Every Kettlebell Has a Story

Posted: August 22, 2011 in Uncategorized

I’ve had a few questions regarding the brand of kettlebells I use at home, as well as how to choose the right weight to get started.

I often refer to my kettlebells by color, and that’s because I use the PerformBetter brand.  There are several reasons why I prefer this brand over some of the others:

First, the vinyl coated ones have a rubber base on the bottom, making them easier on my floors at home.  It’s one thing to work out at a gym and use whatever they’re offering.  All the kettlebells at my gym are the same color (black) and they are all scuffed up… which is fine for a gym… I don’t have a problem with that… but I do think that when you’re making the investment to bring equipment into your home, you should think about where you’re going to use them.  I don’t have a separate workout room, which means these kettlebells usually end up on the carpet, the hardwood floors or the tile.  Maybe it’s just me, but I don’t want to scratch up my floors with the rough edges on the other kettlebells.

The handles on these kettlebells are also a selling point for me.  They are not too wide, which makes them easier to grip.  Also, the shape and curve work well for two-handed swings, and they’ve never given me callouses.

Finally, and this may seem like a minor point, but I really like the ease of scripting a workout by color.  When I draft a new workout, I will often write “yellow” or “green” in the margin.  It’s simple, I find it much easier to calculate reps based on color… (I know Yellow is my easy day, Green is my hard day… Red is just tough all around.)  But scripting my workouts out by color avoids confusion and helps me move quickly through the workout and keep up my level of cardio.

Every Kettlebell Has a Story:


I got little Tinkerbell here (the blue one) as joke for my husband.  It was supposed to be just a gag at 8.8 pounds, but I’ve actually found a good use for it: Kettlebell Windmills.  I hold this one above my head, as I lift a heavier one (usually green) with my lower hand.  This is a great way to get started on windmills.  When you outgrow it, use it as a paperweight at the office… but this should absolutely not be your first kettlebell. (Unless you’re in kindergarten.  Seriously, my 5-year old son does kettlebell squats with this one!)  Start with yellow.

Best "Beginners Kettlebell" for Women

I started training with the yellow kettlebell about 2 years ago, and looking back I would say this is the best “beginners kettlebell” for women at about 17 1/2 pounds.  Even if it feels heavy in the store, remember: you are swinging it, not lifting it like a dumbbell.  There’s a huge difference between lifting and swinging.  If you work out at home with 10 or 15 pound dumbbells, you can absolutely bump up to a heavier kettlebell.  For men, you guys should most likely start heavier so that you can keep your reps low.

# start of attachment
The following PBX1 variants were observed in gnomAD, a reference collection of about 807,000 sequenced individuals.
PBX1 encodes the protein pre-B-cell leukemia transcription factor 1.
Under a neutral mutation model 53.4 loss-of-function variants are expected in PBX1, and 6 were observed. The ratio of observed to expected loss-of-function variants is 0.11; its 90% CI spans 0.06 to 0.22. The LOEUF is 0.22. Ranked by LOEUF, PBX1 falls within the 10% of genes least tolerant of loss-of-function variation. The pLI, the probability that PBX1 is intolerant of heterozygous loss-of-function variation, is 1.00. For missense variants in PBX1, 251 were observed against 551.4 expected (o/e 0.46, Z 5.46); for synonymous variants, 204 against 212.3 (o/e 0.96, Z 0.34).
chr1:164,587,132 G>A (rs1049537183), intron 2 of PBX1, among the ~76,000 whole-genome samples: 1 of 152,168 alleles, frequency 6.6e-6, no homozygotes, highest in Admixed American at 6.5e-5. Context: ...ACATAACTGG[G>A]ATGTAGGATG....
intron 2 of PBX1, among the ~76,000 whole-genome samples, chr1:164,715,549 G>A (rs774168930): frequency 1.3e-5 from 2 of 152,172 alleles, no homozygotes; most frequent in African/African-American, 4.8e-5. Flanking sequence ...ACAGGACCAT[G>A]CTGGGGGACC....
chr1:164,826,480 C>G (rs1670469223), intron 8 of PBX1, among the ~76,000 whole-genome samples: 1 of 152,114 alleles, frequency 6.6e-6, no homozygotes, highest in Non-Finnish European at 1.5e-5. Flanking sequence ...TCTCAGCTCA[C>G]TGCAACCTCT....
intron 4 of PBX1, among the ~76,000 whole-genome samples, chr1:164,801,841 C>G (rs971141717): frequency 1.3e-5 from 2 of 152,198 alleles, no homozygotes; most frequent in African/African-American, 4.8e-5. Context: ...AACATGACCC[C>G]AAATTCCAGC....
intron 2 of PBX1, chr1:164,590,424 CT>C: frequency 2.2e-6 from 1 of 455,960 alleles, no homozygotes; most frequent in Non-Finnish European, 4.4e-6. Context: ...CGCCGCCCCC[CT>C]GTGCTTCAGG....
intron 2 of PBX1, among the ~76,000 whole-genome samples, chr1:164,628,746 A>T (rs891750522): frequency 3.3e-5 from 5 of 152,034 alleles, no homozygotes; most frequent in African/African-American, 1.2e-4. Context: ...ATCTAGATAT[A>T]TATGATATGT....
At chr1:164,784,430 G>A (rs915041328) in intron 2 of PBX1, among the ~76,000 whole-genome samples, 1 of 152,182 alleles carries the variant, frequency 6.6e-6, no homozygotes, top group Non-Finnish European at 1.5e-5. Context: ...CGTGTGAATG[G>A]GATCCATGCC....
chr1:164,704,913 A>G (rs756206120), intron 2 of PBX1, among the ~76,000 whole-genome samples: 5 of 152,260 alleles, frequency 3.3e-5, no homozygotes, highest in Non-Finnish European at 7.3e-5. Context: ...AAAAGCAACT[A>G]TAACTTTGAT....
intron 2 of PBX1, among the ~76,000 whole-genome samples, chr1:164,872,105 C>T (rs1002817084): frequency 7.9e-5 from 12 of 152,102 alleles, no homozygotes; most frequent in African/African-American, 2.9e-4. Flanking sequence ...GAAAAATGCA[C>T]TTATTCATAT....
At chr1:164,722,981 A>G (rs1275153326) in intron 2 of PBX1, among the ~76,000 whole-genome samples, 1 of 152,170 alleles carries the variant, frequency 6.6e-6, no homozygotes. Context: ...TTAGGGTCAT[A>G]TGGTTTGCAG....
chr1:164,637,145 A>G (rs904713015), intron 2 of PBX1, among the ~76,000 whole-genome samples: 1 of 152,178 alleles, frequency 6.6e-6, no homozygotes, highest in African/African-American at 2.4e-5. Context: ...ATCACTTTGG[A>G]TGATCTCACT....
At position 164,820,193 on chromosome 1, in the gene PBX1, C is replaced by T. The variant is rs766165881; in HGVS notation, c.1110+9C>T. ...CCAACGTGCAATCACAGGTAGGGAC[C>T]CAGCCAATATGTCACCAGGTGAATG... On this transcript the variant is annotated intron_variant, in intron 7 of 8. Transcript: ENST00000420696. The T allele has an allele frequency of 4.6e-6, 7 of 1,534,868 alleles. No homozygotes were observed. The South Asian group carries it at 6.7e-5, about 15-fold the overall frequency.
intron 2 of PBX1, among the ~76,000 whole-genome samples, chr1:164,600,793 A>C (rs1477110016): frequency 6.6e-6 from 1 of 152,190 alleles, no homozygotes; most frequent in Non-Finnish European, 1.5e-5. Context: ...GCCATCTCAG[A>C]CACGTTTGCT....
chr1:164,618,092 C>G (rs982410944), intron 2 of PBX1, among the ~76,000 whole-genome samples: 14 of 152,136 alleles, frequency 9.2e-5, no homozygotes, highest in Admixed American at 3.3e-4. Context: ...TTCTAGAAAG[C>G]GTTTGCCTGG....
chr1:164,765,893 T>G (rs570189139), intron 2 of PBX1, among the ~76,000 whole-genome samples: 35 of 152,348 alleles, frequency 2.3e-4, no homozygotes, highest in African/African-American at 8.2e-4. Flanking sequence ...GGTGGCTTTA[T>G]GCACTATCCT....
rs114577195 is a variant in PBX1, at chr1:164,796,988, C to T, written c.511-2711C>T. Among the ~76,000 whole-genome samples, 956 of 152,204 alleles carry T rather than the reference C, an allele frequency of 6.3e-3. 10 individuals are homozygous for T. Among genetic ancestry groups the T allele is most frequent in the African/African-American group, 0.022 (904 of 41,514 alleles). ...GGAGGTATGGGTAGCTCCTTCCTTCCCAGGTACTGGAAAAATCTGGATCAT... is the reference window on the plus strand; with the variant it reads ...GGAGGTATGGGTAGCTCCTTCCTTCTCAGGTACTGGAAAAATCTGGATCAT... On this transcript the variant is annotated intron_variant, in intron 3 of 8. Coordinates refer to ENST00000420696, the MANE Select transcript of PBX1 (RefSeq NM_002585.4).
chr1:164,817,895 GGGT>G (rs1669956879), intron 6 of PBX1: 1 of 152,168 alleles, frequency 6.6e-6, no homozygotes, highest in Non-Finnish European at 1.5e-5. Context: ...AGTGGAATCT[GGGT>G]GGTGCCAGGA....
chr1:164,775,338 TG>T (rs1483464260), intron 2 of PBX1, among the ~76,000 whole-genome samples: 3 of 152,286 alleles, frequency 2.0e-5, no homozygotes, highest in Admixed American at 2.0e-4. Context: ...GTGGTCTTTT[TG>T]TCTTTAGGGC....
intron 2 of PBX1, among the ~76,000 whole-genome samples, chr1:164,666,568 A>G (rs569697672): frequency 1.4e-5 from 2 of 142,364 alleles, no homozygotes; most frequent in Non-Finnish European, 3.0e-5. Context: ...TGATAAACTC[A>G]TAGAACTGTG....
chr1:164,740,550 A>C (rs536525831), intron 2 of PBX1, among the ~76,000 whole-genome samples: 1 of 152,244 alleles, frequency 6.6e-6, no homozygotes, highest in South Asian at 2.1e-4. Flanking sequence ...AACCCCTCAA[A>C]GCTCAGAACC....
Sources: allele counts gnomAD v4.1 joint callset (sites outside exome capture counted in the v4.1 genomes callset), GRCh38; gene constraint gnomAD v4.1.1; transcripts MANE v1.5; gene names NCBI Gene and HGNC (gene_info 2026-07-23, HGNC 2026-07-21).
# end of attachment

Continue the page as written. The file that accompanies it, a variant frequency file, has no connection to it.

Old Greenie

“Old Greenie” has been my friend for a long time now.  He has traveled many places with me (by car) and would be the one I’d pack in my suitcase if it weren’t for the airline restrictions.  At just over 26 pounds, this is a good all-purpose kettlebell for me.  I use it for nearly every exercise at this point and it still challenges me on quite of few of them.  When I just can’t take it anymore, I switch down to yellow for a bit of a break… and that makes yellow and green a great pair.

The Beast

Big Red is my newest addition to my little family of kettlebells.  I came home one afternoon to find it sitting on my doorstep.  Hallelujah!!  (My trainer dropped it off… talk about service… Thank you Dr. Dan, “Kettlebell Trainer Extraordinaire”!)  I’ve been working my way up to this one.  It’s considered the women’s competitive weight and it would probably be the one used in the women’s Olympic competitions if they ever decide to make it an Olympic sport… (which is a discussion for another day!)  This one is challenging.  I use it for two-handed swings and around the worlds… but it is  One… Heavy… Beast!

Here is a kilogram to pounds conversion chart, by color code according to the PerformBetter brand.

Blue 4 kg = 8.8 lbs

Yellow 8 kg = 17.6 lbs

Green 12 kg = 26.4 lbs

Red 16 kg = 35.2 lbs

Silver 20 kg = 44 lbs

If you’ve been following any of my previous posts about Pyramid Training with Kettlebells, then you’ll understand how important it is to have a good spread of kettlebells at your disposal.  If you’re just getting started, use the ones in the gym for now and invest in a single kettlebell for home.

Happy Swinging!


  1. I’m a fan of Tinkerbell, as you know. Thanks for these kettlebell recommendations. I definitely want to work with some before I invest.

  2. Bernie says:

    I am new to kettlebelll training. I’m not as young as most, 53y/o, and recently purchased a new 35lb bell at the local Sports Authority store. I am doing presses and swings. I have a 100lb barbell / dumbbell set. I am using the dumbbells to practice the Turkish get up.

    My goal is to eventually work up to the point where I can perform one arm swings with my 35lb bell.
    Overall, I made a good decision buying my kettlebell.

    I really like your website.

    Bernie…Vero Beach, Florida

    • Great to hear from you, Bernie… and congratulations on getting your first kettlebell! I promise you will be hooked soon! Start with two-handed swings with the new kettlebell, then gradually try the hand-to-hand swings as you get stronger… (maybe practice outside!). the momentum you create here will help you transistion nicely over to the one-handed swings with 16KG!
      Good Luck,

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